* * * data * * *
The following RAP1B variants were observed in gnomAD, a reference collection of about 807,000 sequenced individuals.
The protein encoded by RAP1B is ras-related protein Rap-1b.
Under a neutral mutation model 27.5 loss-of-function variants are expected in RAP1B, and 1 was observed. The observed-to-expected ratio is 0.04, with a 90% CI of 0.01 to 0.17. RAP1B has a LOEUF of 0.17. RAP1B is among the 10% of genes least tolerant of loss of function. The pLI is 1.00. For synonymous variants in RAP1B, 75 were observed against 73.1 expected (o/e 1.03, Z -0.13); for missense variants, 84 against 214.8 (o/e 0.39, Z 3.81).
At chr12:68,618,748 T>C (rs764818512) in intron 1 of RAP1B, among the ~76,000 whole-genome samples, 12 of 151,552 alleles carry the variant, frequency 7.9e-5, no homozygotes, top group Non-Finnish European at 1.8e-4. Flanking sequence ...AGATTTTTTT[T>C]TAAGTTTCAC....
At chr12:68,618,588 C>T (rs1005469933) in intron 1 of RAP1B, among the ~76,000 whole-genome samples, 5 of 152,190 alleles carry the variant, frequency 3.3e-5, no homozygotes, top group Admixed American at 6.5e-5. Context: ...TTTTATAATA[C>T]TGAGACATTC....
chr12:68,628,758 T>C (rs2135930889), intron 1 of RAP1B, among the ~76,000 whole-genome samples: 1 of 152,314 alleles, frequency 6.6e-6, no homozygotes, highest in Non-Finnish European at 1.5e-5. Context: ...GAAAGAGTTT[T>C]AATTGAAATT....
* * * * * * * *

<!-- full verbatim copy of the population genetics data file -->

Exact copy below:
The following RAP1B variants were observed in gnomAD, a reference collection of about 807,000 sequenced individuals.
The protein encoded by RAP1B is ras-related protein Rap-1b.
Under a neutral mutation model 27.5 loss-of-function variants are expected in RAP1B, and 1 was observed. The observed-to-expected ratio is 0.04, with a 90% CI of 0.01 to 0.17. RAP1B has a LOEUF of 0.17. RAP1B is among the 10% of genes least tolerant of loss of function. The pLI is 1.00. For synonymous variants in RAP1B, 75 were observed against 73.1 expected (o/e 1.03, Z -0.13); for missense variants, 84 against 214.8 (o/e 0.39, Z 3.81).
At chr12:68,618,748 T>C (rs764818512) in intron 1 of RAP1B, among the ~76,000 whole-genome samples, 12 of 151,552 alleles carry the variant, frequency 7.9e-5, no homozygotes, top group Non-Finnish European at 1.8e-4. Flanking sequence ...AGATTTTTTT[T>C]TAAGTTTCAC....
At chr12:68,618,588 C>T (rs1005469933) in intron 1 of RAP1B, among the ~76,000 whole-genome samples, 5 of 152,190 alleles carry the variant, frequency 3.3e-5, no homozygotes, top group Admixed American at 6.5e-5. Context: ...TTTTATAATA[C>T]TGAGACATTC....
chr12:68,628,758 T>C (rs2135930889), intron 1 of RAP1B, among the ~76,000 whole-genome samples: 1 of 152,314 alleles, frequency 6.6e-6, no homozygotes, highest in Non-Finnish European at 1.5e-5. Context: ...GAAAGAGTTT[T>C]AATTGAAATT....